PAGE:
director Duccio Tessari
Duccio Tessari’s 1965 Spaghetti Western, The Return of Ringo, reinterprets The Odyssey in a post-Civil War drama of return and revenge. Spaghetti-western.net features a keen analysis of the film, suggesting Tessari (as others in the genre) would use the setting of the aftermath of the American Civil War as a thinly veiled metaphor for post-WWII Italy, the return and rectification of morality in a shattered and invaded landscape.
Interestingly, when Ringo returns to his home post-war, the bandits have taken over the town and the homestead, hold his wife in their clutches, as well as a little daughter he didn’t know he had. These dudes are Mexicans and are very racist against Americans, won’t allow them to own property or firearms.
Thus: “The Return of (G)ringo”
The Return of Ringo is a notable Spaghetti Western, on many lists of the best of the genre. And it’s solid, though it didn’t really overly impress me. Actually, reading the Spaghetti-western.net article gave me further pause to reconsider. Still, some films grab you, while others just wave “hello.”
director Yorgos Lanthimos
viewed: 11/04/2017 at the Alamo Drafthouse – New Mission, SF, CA
A slow-burn blackly comic, surrealistic thriller. With the heaviest emphasis on “slow-burn”.
Yorgos Lanthimos’s second feature in English, The Killing of a Sacred Deer is on a continuum of his other awkward worlds, ruled by random logic, in which human connection is ultimately impossible.
Like his breakout film Dogtooth (2009), The Killing of a Sacred Deer is the study of a family and its patriarch. Though Colin Farrell’s heart surgeon here isn’t so much controlling the world of his nuclear clan but rather trying to somehow protect it from an ill that he has brought upon it.
The whole thing uncoils very slowly, impregnating the strangeness of the world and the characters with a sense not just of discomfort but of dread. Something is behind Farrell’s unusual relationship with sleepy-eyed teenager Martin (Barry Keoghan). His illegitimate son? His teenage lover?
Of course, it’s not anything remotely so straight-forward. When Farrell’s son and daughter fall ill with paralysis, lack of appetite, and eventually bleeding eyes, it takes the surgeon a long time to figure out that there isn’t anything medical but what? supernatural? uncontrollable?
Lanthimos continues to be one of the most interesting directors to me. Always a lot to ruminate on afterwards.
director Brian De Palma
Personally, I think Brian De Palma’s 1987 crime movie The Untouchables holds up pretty well.
There is a lot of cool cinematography and set pieces, the highlights of the film. That opening overhead shot of Robert De Niro getting a shave. The whole sequence of the bar getting blown up. The baseball scene. The interior tracking and everything happening in Sean Connery’s apartment when he gets it.
And the cast is great. Okay, I won’t argue strongly for Kevin Costner. He’s a bland lawman at the head of the thing. But Connery, De Niro, Andy Garcia, and in particular Charles Martin Smith are solid and each gets some choice lines and scenes. Can you imagine it if Mickey Rourke had been Eliot Ness?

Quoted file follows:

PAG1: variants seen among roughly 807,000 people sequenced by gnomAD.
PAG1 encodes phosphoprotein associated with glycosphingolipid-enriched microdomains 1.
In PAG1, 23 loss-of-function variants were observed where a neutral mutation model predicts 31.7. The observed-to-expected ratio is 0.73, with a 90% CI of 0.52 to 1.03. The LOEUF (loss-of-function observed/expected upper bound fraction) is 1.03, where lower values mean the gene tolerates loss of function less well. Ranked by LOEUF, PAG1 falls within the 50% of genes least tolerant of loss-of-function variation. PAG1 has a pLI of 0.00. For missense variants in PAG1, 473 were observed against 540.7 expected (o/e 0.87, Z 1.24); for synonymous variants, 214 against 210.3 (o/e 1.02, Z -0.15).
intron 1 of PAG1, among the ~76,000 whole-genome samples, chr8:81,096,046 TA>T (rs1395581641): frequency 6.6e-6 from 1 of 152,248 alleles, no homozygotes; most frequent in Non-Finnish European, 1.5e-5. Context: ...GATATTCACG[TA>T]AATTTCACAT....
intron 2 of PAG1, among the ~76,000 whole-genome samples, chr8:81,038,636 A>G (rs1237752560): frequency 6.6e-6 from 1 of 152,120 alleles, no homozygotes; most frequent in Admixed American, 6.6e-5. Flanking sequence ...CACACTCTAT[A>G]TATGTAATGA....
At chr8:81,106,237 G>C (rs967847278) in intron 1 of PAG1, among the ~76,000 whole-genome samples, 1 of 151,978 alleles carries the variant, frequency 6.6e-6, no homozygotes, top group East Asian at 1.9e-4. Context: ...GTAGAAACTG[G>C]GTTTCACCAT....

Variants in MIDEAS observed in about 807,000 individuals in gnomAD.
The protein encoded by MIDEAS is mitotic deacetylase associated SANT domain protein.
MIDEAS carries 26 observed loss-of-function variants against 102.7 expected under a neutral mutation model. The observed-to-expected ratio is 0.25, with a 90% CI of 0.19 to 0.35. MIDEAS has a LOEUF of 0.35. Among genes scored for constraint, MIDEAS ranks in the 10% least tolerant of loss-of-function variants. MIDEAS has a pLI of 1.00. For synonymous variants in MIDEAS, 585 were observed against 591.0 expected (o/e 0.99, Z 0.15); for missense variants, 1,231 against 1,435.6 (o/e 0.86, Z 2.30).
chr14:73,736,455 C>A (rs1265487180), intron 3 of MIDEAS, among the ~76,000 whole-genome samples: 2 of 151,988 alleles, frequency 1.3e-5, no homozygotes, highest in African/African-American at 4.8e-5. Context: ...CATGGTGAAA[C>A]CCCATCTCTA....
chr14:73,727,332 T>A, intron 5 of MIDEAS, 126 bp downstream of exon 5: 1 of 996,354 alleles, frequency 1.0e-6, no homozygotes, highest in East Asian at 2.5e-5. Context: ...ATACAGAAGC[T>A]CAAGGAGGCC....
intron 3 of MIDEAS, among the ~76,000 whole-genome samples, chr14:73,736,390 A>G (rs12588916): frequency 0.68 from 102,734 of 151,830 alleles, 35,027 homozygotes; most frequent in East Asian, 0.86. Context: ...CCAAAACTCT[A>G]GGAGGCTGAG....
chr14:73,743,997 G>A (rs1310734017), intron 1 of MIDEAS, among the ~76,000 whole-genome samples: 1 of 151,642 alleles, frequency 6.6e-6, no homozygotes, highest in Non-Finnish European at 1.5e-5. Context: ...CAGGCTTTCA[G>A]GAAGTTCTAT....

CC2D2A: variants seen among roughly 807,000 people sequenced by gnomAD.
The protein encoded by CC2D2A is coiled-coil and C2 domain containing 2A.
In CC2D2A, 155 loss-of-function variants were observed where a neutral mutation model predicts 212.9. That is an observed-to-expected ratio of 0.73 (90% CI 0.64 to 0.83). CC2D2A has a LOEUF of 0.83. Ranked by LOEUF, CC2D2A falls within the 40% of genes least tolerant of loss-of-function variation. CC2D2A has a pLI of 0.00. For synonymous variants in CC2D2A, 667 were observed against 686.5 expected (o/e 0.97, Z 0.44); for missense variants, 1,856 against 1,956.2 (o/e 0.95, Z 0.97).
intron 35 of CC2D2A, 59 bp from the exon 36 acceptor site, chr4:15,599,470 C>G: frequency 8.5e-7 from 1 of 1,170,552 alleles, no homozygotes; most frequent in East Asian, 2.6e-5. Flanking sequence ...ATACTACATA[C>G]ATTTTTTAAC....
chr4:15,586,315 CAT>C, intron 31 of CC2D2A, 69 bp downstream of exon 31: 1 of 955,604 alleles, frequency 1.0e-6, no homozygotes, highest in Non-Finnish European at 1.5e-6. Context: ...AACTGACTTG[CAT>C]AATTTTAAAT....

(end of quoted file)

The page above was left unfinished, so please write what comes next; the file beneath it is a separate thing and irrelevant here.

Certainly, it’s a man’s man’s man’s world. And it takes some fascism (via David Mamet’s script) to gain control of Al Capone and the mafia.
The one scene that didn’t hold up so well is the balletic slo-mo Odessa Steps homage shootout. I recall thinking it was really cool back in 1987. Now it seems like a lot of build-up to almost comedic action. My son chuckled during it.
director Fred F. Sears
One of the first ever natural disaster movies (please check me on this), The Night the World Exploded shows that it’s not nice to trick Mother Nature.
“It’s almost as if the earth were striking back at us for the way we’ve robbed her of her natural resources. Not very scientific, is it?” This line is spoken by “Hutch”, played by Kathryn Grant, not only the sole woman in science, but virtually the sole woman in the movie.
Made by producer Sam Katzman and director Fred F. Sears as second feature with their astoundingly hilarious The Giant Claw (1957), The Night the World Exploded is by contrast a more earnest horror film. Human activity has brought about a new very unstable element higher into the planet’s crust, causing massive earthquakes.
Hopeful science, like cloud-seeding, saves the day. The element is neutralized in water, so busting dams and flooding places, causing rain somehow solves everything. I say it’s hopeful because humans are able to clean up their messes. An unlikely scenario in which we currently reside.
director Richard Fleischer
I don’t know how I got to live this long without having ever seen Soylent Green, but of course, I know the punchline.
Soylent Green seems the last of Charlton Heston’s run of science fiction movies that started with Planet of the Apes (1968). He’s 50 years old here but presumably supposed to be younger than that, the classic middle-aged Hollywood action hero.
As speculative futurism, aspects of Soylent Green are resonant, while other aspects are nigh hilarious. It’s 2022 and the “greenhouse effect” has burned down most of what we consider “nature”, trees, food crops, animal life. And the city is overrun with homeless while the super-rich live lives in gilded cages, still enjoying the rare treats that were once daily norms, like celery.
It’s a future deprived of technology, which makes sense if society and environment crashed when it did (probably the early 1970’s). When people riot, they get scooped up in earth-moving equipment and piled into garbage trucks. Yet, there is still a beleaguered police force investigating homicides, though the cops barely make enough to eat.